The underestimated value of political correctness

By Editorial Staff

Journalists have always faced difficult ethical questions about what to publish and how, and in light of the attack on Charlie Hebdo as a result of their editorial decisions, these conversations about presentation seem pressing. In the densely entangled layers of questions that involve religious tolerance, the freedom of the press and western hegemony, the role of offense consistently appears as a core dispute. Whether or not you are going to offend someone is an answered question – you probably will, but whether or not that offense should be enough to stop you from publishing or speaking requires more consideration. Writers should ask themselves first: what is accomplished through offense and second, is there another way to achieve the same end while minimizing the offense to others. This second route is called being “politically correct,” and while such correctness dangles somewhere between stifling and compassionate, there are definitely circumstances that require more attention to limiting offense more than others. The difference between Enquiry and The Duel Observer best highlights this circumstantial difference – the line between news and comedy.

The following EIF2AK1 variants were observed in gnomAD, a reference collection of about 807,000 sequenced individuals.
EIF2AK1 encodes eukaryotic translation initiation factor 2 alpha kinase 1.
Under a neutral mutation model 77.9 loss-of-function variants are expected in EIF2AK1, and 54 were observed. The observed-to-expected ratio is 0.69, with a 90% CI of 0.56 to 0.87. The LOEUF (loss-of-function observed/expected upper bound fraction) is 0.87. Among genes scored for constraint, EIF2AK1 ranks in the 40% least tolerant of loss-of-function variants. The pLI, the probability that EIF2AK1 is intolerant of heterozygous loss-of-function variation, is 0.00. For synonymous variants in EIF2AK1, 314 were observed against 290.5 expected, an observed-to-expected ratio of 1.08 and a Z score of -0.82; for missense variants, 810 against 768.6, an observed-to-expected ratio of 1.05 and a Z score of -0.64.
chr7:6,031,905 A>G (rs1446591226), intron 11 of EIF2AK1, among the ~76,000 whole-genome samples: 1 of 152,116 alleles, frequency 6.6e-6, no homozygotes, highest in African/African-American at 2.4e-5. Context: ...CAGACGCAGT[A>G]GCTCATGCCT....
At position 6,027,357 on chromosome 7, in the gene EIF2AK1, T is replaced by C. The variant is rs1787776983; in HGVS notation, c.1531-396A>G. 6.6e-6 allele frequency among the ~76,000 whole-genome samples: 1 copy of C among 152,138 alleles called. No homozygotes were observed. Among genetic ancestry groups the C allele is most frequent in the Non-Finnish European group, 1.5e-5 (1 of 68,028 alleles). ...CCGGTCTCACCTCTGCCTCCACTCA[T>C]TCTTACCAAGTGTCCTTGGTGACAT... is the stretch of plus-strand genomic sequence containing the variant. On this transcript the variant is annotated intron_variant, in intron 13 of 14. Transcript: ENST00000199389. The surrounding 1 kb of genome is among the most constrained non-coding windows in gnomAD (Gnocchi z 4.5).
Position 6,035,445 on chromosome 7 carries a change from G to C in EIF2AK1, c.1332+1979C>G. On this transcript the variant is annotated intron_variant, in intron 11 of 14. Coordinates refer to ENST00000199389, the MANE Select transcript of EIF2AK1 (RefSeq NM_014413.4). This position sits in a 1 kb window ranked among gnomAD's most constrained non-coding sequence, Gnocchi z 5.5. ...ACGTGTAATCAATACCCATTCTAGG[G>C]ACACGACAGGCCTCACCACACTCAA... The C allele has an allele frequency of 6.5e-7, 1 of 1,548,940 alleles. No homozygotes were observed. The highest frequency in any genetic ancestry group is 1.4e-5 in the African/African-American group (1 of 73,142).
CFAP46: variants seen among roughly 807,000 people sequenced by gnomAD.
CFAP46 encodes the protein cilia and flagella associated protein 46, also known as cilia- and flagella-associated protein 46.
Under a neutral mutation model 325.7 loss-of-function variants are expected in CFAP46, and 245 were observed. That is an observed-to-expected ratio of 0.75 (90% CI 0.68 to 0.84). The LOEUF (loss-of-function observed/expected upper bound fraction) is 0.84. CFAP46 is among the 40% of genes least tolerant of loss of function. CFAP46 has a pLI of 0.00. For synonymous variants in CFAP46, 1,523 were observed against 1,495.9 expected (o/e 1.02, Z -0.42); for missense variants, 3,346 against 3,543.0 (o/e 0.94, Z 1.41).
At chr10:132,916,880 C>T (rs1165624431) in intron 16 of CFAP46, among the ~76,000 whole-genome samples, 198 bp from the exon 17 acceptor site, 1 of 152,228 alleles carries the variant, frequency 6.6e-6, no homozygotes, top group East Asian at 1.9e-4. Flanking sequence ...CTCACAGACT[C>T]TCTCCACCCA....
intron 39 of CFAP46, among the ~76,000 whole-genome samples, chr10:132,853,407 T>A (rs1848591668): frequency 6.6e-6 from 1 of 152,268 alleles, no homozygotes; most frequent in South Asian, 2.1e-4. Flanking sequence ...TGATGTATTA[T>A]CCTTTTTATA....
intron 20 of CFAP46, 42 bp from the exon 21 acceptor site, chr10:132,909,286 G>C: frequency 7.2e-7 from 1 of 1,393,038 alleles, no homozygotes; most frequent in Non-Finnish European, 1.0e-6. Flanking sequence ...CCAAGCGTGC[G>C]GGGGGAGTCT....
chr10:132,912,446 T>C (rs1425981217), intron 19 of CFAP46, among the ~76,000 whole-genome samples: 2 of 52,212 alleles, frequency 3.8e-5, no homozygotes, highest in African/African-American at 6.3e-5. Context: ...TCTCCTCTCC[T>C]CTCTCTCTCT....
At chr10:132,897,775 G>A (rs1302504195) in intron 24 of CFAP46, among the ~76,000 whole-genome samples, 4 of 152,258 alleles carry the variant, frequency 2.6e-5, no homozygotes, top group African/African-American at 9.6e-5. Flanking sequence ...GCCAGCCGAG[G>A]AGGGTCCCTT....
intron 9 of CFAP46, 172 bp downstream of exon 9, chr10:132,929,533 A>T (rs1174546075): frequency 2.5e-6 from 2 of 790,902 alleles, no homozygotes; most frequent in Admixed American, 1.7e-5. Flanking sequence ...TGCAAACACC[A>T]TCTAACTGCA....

As two news publications, Enquiry and The Spectator share several aims and limitations. Journalists attempt to disseminate information and provide analysis of that information. They precariously manage the marriage of letting your audience make their own decisions and telling their audiences what to think. Regardless of your focus or ideological position, though, the aim of journalism is providing information one way or another. Being offensive can be very out of place in this equation then.

In reporting news, information should just present itself as objectively as possible. It may not be pretty, but it is the news. On the other hand opinions definitely open the door for offense more –if the reader disagrees with the writer, then the two face a certain impasse. Writers can mitigate this confrontation though by articulating opinions with rational argumentation and thoughtful language. They can hopefully explain their position without inciting unwarranted backlash. These two concepts are the anchors of good opinion writing, and only when they are flagrantly ignored do news publications find themselves facing significant reproach.

In contrast The Duel Observer, and any other satirical publication, is spared from these concerns for offense and rationale because comedy is a very different beast. While newspapers must consistently aim to inform their audiences judiciously, comedians can do anything from thoroughly informing their audience to endlessly amusing them. Comedic theorists can debate the means and ends of comedy for a long time, but at the end of the day comedy can still afford to take its job lightly because there is not the same expectation of accuracy or reality. This is why The Spectator implores Enquiry, and any other journalistic publication on Hamilton’s campus, to articulate opinions with facts and tact. Having an opinion and inciting offense are not mutually inclusive, and the latter can sometimes be avoided. We understand that being politically correct can be maddening and draining, but our audiences should expect nuance and professionalism, not off-the-cuff jabs and heat of the moment calls to patriotism.

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